Furthermore, you westerners obsession with time over relationship continues to confound me. You value this impersonal entity, time, more than you value being, as you westerners say, “in the moment.” Westerners like to talk of being “in the moment,” or being mentally present to those who are in front of them for the time they require their attention (regardless of allegiance to time), but in reality your true values are betrayed by the fact that many chance encounters are ended by the fact that a previous engagement has been arranged. Truly western, that: valuing that which is in the future, or, let’s be honest, the possible, more than valuing that which is right in front of you, or, in the most basic meaning, the real.

Did you ever consider that perhaps the Coke driver simply wanted to spend a little more time with his child that morning instead of rushing off to work because of a “previous engagement?”

And then you land back on accuracy concerning numerical reporting, taking to task the “3000″ involved in the race. Yes, of course, there were more like 300 involved, but what right-minded member of a society worth being a member of would value a random number over the intentions and relationships of those involved in planning this great event. So they said 3000 and there were actually 300…so what? Not a single Tanzanian thought there would be 3000. They are again, like good Tanzanians communicating to other Tanzanians, reporting the best intentions of those involved, not the base reality. Everyone in my neighborhood knows that reality is not worth paying attention to, but that it is intention that matters.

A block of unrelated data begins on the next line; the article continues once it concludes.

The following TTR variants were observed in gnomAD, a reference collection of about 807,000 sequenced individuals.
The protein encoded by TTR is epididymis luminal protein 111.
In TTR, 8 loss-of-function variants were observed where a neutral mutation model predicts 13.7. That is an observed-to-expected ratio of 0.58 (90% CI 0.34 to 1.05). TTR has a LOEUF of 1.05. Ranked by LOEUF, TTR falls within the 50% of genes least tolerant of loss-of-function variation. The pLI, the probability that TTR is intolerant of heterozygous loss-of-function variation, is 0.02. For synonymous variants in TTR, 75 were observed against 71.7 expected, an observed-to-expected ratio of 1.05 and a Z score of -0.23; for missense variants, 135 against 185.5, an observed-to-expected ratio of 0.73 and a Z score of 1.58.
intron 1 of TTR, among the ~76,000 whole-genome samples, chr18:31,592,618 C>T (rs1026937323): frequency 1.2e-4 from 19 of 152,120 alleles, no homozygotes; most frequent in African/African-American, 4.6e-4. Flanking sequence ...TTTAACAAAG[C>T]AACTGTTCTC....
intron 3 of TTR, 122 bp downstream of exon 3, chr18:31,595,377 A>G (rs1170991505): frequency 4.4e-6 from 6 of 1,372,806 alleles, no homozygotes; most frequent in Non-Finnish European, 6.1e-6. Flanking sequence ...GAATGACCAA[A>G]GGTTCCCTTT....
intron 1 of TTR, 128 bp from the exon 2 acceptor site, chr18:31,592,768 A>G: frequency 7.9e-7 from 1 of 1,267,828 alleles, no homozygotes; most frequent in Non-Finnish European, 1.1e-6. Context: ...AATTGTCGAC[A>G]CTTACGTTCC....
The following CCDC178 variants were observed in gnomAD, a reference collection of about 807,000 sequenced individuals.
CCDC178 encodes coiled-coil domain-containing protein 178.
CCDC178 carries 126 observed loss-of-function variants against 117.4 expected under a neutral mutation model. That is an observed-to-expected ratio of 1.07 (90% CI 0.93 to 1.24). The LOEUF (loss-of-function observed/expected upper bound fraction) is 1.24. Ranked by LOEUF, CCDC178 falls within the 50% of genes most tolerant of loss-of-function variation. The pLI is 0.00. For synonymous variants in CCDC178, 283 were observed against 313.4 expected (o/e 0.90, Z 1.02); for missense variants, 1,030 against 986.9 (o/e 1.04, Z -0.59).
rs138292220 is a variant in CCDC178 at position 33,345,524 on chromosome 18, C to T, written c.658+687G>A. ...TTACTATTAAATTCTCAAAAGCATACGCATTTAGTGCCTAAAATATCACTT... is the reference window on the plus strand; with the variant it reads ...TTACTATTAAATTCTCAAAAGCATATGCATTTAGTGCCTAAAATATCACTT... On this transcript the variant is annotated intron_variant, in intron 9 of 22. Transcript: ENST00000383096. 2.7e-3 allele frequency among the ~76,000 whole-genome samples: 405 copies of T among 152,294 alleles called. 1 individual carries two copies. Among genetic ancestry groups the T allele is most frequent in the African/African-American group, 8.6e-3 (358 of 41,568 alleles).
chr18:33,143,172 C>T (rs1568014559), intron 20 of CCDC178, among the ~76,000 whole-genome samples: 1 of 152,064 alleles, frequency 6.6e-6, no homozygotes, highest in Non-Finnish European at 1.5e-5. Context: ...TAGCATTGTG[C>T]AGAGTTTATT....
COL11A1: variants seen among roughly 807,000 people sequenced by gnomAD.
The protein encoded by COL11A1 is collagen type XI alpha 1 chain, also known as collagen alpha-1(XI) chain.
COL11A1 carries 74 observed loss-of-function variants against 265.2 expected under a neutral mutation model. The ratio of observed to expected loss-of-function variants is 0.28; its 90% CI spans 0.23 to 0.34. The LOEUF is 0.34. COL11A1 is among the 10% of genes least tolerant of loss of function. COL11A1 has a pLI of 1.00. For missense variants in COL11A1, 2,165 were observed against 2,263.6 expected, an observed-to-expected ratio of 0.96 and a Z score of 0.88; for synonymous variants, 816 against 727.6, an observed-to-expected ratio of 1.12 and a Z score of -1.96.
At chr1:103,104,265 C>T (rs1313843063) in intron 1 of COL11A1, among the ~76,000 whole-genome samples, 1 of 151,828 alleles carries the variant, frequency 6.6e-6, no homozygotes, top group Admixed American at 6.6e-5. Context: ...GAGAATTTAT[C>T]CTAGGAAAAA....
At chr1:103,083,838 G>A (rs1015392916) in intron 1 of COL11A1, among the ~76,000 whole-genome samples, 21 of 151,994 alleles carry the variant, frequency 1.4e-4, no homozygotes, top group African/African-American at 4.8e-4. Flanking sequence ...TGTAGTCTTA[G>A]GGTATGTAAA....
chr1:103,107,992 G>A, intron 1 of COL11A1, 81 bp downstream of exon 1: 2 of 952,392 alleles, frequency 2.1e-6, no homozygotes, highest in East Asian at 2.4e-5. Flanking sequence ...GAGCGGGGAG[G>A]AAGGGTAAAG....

Next you’ll want to tell me that we should judge a man by his actions! No, not even you would be that ridiculous. A man’s intentions and the peculiarities of his situation are much more important than his successes. Everyone knows that. Who in Tanzania knows more than one or two people they could name as successful? Or better yet, someone who is successful and can still named as friend? For we all know, with success so often comes a set of compromised morals.

Anyway, at least it seems from your post that you value children. At least, from a sociological standpoint, we have that in common. Jesus, as well, seemed to value them at the expense, even, of others.

Along those lines, even our own writer, Paul, tells us in Ephesians that once we have matured we will be “speaking the truth in love….” Even Paul, that genius of western logic, understands that truth without love was a sign of immaturity.

How about you?


* “Few words” is relative.
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17 Comments

Filed under culture, living in africa

17 responses to “of marathons and misinformation: a lesson in tanzanian communication

  1. Majeska Seese-Green

    Brett, I’m a regular reader, but I don’t suppose you counted me among the “six.” I’m in Eugene, Oregon. Really appreciate your work and your blog.

  2. I enjoyed Jason’s reply quite a bit, and assumed it was a parody. No?

  3. Beka D.

    I enjoyed reading his reply as well….as well as your original article. Interesting and eye opening. Congrats on finishing the marathon.:)

  4. Jason Miller (i.e. super missionary)